LT     Ha ha! So I guess I made that part up about the car. Oh, art, yes. It is so central to this novel. And difficult to discuss without telling important parts of the story. How do you think your use of visual art in IH is related to your considerable talent as a photographer? And incidentally, you took the cover photo, didn't you?

TS     Yes, I took the cover photo— too cheap to get someone else to do it.

I'm interested in art and artists. I've written several stories on the subject. The art world doesn't always sit comfortably within the day-to-world of work, children, mortgages etc. It doesn't actually manufacture anything of practical use and the freewheeling artistic lifestyle often challenges the rules of society and the prevailing moral code. The man in the street respects success in the field without always understanding or approving of the artists themselves. There's a dramatic (in the technical sense) clash of perspectives and social objectives in this that I find productive when it comes to fiction.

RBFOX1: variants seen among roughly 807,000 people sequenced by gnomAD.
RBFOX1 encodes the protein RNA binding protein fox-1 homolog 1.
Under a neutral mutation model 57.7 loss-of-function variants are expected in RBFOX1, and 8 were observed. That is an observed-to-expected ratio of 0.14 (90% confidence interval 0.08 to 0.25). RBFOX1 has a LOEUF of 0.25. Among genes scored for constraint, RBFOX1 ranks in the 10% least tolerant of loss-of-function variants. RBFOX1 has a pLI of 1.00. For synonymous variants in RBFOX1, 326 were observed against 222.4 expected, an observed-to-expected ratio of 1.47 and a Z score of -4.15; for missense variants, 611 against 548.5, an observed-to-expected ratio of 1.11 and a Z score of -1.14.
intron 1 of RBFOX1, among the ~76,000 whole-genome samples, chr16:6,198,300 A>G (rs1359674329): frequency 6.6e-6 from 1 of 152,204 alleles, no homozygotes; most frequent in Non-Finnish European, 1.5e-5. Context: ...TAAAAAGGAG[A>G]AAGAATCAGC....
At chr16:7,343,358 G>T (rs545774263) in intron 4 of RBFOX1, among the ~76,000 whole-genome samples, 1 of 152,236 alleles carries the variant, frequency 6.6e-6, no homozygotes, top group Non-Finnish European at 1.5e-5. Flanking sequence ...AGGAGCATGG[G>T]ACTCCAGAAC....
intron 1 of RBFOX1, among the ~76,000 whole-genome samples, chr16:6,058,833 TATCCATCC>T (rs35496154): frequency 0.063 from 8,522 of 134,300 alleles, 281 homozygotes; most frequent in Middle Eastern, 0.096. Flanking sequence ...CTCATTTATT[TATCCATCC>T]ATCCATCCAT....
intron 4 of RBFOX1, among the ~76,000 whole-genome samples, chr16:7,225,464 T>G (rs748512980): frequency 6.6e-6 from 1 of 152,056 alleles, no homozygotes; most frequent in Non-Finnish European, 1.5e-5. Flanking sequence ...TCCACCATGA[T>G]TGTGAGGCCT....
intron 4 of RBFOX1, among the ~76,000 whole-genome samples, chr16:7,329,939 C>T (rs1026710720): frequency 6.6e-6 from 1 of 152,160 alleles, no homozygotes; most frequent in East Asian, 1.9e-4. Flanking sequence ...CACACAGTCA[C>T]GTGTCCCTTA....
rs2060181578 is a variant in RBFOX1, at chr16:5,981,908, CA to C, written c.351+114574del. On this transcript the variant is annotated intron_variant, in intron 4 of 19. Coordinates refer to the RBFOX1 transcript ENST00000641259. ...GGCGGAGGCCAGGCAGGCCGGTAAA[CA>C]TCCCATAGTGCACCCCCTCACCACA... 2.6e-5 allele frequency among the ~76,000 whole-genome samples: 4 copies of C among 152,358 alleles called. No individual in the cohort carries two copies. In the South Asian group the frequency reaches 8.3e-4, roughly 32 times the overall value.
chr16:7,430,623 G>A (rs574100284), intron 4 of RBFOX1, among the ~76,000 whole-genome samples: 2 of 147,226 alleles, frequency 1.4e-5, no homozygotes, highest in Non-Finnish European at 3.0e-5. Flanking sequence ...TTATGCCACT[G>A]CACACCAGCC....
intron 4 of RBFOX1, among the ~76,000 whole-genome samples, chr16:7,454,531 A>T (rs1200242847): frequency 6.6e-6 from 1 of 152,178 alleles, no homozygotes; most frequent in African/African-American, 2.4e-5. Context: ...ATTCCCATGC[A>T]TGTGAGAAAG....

LT     Well, I'll say again it—cheap or not!—you are a talented photographer. I can't help thinking your ability to look at the world, select a tiny portion and allow that portion to tell its story is related to your abilities as a teller of stories with words. And speaking of stories, you have two wonderful story collections. Are there any characters in your stories who were alternate forms of people in IH? Do you ever find characters that intrigue you enough to make you want work with variations of that character several times, or does each character start fresh in your mind?

TS     The short story can suggest both the essence and the complexity of an event or emotion or situation in the same way a poem can. Moments are more important than narratives to both mediums. I agree that sometimes a photograph can, in freezing an instant, seem to refine something larger, too. So maybe you're right and seeing what will make a good photo has some sort of parallel in knowing what will make an interesting and affecting story. Whatever happens, I'd rather not become self-conscious about it. I think you have to learn to trust your instincts and go with them. It's not something you can intellectualise. I do think, at least initially, there's an element of trial and error about it. You learn what works by producing a lot of stuff that clearly doesn't.